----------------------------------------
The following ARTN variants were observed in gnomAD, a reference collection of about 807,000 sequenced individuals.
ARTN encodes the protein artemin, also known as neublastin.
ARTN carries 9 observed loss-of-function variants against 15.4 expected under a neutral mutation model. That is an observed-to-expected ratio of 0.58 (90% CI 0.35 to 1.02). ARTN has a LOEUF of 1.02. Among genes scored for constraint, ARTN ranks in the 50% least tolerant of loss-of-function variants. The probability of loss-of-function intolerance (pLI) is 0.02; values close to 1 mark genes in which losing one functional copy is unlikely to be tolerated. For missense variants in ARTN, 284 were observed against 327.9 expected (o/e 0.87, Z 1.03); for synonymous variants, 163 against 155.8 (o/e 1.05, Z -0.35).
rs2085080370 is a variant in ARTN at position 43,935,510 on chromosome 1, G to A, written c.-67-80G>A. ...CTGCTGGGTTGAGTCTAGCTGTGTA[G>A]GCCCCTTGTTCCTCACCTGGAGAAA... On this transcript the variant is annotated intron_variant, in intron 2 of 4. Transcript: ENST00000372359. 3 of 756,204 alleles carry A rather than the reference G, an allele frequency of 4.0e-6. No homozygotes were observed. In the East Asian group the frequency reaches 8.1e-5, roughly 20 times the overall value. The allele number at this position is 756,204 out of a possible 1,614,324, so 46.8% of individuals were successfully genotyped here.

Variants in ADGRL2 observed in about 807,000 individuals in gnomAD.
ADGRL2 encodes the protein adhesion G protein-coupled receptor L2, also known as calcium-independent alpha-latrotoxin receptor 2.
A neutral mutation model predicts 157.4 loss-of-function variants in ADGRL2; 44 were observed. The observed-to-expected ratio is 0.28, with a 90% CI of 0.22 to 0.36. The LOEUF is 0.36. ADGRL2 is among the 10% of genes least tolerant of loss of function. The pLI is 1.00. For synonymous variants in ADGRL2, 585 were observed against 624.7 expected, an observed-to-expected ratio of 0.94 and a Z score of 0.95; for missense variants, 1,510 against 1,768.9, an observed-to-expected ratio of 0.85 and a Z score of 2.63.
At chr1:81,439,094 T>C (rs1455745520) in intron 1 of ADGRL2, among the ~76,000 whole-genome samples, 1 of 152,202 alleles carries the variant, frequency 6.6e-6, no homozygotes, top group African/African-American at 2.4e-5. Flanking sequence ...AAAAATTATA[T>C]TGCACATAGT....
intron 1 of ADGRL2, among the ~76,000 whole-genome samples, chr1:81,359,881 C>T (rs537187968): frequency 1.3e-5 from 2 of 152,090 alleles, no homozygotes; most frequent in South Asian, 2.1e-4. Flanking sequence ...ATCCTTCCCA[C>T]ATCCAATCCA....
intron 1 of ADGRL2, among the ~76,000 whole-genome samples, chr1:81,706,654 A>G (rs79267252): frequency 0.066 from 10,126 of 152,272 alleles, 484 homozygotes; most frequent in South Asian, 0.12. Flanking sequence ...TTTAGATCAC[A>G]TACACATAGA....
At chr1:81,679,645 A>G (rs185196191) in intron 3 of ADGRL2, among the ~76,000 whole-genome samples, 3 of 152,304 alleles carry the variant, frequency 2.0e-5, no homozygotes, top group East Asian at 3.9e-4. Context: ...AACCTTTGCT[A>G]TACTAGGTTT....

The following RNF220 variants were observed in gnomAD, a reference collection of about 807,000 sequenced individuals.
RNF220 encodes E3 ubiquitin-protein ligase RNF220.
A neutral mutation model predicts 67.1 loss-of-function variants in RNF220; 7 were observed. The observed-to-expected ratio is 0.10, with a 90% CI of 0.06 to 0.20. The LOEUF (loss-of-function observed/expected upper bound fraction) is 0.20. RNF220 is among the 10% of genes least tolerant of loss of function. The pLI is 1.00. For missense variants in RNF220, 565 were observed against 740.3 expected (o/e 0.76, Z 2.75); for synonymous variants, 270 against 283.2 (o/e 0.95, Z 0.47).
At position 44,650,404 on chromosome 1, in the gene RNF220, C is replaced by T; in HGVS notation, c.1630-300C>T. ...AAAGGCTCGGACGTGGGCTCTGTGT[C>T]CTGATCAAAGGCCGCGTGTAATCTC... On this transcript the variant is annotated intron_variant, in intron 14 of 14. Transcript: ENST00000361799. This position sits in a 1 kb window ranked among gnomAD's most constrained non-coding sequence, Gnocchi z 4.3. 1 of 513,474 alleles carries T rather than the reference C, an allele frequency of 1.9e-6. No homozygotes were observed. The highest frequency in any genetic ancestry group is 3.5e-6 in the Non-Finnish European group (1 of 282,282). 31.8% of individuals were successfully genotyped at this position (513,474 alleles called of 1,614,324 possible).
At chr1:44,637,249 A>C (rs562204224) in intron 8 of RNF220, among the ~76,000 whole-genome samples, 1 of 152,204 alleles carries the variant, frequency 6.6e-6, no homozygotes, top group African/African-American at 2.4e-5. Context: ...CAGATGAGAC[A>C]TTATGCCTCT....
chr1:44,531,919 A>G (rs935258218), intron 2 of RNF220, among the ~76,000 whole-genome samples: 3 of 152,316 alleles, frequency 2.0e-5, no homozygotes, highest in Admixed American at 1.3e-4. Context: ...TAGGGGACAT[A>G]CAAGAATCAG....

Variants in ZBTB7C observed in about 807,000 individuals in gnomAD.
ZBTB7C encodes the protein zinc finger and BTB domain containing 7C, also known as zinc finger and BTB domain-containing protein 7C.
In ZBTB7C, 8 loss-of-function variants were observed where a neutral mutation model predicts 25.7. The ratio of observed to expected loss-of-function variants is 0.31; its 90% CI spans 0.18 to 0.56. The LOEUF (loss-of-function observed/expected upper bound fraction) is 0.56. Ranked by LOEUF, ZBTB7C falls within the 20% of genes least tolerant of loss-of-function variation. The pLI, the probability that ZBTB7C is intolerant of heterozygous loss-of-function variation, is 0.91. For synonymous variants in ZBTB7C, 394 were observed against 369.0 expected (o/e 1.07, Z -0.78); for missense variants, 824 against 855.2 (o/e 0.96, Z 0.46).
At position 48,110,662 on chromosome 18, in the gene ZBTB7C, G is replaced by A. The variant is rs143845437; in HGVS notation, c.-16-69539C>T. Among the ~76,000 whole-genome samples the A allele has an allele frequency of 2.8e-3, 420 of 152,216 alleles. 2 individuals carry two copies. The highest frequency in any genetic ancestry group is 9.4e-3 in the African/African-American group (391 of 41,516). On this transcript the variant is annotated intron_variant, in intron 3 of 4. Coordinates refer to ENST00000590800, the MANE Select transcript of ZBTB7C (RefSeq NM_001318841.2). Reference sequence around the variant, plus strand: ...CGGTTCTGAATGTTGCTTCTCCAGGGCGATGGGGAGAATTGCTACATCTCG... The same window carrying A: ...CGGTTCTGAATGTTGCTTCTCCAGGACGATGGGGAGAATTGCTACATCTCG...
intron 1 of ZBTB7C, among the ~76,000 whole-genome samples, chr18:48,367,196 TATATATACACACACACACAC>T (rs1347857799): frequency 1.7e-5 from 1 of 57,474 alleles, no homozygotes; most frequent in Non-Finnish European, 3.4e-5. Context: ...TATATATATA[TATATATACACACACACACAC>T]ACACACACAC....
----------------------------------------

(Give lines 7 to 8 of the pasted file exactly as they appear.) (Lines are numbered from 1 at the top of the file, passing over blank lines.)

A neutral mutation model predicts 157.4 loss-of-function variants in ADGRL2; 44 were observed. The observed-to-expected ratio is 0.28, with a 90% CI of 0.22 to 0.36. The LOEUF is 0.36. ADGRL2 is among the 10% of genes least tolerant of loss of function. The pLI is 1.00. For synonymous variants in ADGRL2, 585 were observed against 624.7 expected, an observed-to-expected ratio of 0.94 and a Z score of 0.95; for missense variants, 1,510 against 1,768.9, an observed-to-expected ratio of 0.85 and a Z score of 2.63.
At chr1:81,439,094 T>C (rs1455745520) in intron 1 of ADGRL2, among the ~76,000 whole-genome samples, 1 of 152,202 alleles carries the variant, frequency 6.6e-6, no homozygotes, top group African/African-American at 2.4e-5. Flanking sequence ...AAAAATTATA[T>C]TGCACATAGT....